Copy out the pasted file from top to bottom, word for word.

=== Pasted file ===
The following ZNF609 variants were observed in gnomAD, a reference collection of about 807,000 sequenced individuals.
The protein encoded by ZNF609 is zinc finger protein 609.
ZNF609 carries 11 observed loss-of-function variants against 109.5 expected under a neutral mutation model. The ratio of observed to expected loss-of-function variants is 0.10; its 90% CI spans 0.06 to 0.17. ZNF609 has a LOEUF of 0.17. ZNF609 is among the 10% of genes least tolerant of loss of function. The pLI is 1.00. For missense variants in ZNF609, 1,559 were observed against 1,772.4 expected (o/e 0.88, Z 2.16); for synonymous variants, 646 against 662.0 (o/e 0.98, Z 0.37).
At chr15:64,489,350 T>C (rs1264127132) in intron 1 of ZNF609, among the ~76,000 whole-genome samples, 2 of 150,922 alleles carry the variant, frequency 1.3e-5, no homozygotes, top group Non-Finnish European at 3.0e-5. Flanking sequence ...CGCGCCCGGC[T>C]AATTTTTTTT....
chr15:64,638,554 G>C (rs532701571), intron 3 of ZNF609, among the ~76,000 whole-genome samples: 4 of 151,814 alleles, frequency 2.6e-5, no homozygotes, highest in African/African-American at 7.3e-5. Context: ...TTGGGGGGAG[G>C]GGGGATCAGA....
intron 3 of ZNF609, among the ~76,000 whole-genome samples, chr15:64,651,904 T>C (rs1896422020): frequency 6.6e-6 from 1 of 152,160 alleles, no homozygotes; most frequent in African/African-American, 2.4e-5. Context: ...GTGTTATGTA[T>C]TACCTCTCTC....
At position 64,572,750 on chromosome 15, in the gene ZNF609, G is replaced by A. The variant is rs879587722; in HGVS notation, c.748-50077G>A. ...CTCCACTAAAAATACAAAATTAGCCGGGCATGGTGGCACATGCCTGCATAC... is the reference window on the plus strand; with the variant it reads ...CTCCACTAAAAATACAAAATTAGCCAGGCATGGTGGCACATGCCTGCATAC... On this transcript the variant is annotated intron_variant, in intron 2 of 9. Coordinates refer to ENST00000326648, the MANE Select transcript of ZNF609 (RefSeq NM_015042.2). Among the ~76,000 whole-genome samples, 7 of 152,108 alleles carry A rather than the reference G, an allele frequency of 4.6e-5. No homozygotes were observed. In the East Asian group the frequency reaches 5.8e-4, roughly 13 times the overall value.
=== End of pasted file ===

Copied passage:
The following ZNF609 variants were observed in gnomAD, a reference collection of about 807,000 sequenced individuals.
The protein encoded by ZNF609 is zinc finger protein 609.
ZNF609 carries 11 observed loss-of-function variants against 109.5 expected under a neutral mutation model. The ratio of observed to expected loss-of-function variants is 0.10; its 90% CI spans 0.06 to 0.17. ZNF609 has a LOEUF of 0.17. ZNF609 is among the 10% of genes least tolerant of loss of function. The pLI is 1.00. For missense variants in ZNF609, 1,559 were observed against 1,772.4 expected (o/e 0.88, Z 2.16); for synonymous variants, 646 against 662.0 (o/e 0.98, Z 0.37).
At chr15:64,489,350 T>C (rs1264127132) in intron 1 of ZNF609, among the ~76,000 whole-genome samples, 2 of 150,922 alleles carry the variant, frequency 1.3e-5, no homozygotes, top group Non-Finnish European at 3.0e-5. Flanking sequence ...CGCGCCCGGC[T>C]AATTTTTTTT....
chr15:64,638,554 G>C (rs532701571), intron 3 of ZNF609, among the ~76,000 whole-genome samples: 4 of 151,814 alleles, frequency 2.6e-5, no homozygotes, highest in African/African-American at 7.3e-5. Context: ...TTGGGGGGAG[G>C]GGGGATCAGA....
intron 3 of ZNF609, among the ~76,000 whole-genome samples, chr15:64,651,904 T>C (rs1896422020): frequency 6.6e-6 from 1 of 152,160 alleles, no homozygotes; most frequent in African/African-American, 2.4e-5. Context: ...GTGTTATGTA[T>C]TACCTCTCTC....
At position 64,572,750 on chromosome 15, in the gene ZNF609, G is replaced by A. The variant is rs879587722; in HGVS notation, c.748-50077G>A. ...CTCCACTAAAAATACAAAATTAGCCGGGCATGGTGGCACATGCCTGCATAC... is the reference window on the plus strand; with the variant it reads ...CTCCACTAAAAATACAAAATTAGCCAGGCATGGTGGCACATGCCTGCATAC... On this transcript the variant is annotated intron_variant, in intron 2 of 9. Coordinates refer to ENST00000326648, the MANE Select transcript of ZNF609 (RefSeq NM_015042.2). Among the ~76,000 whole-genome samples, 7 of 152,108 alleles carry A rather than the reference G, an allele frequency of 4.6e-5. No homozygotes were observed. In the East Asian group the frequency reaches 5.8e-4, roughly 13 times the overall value.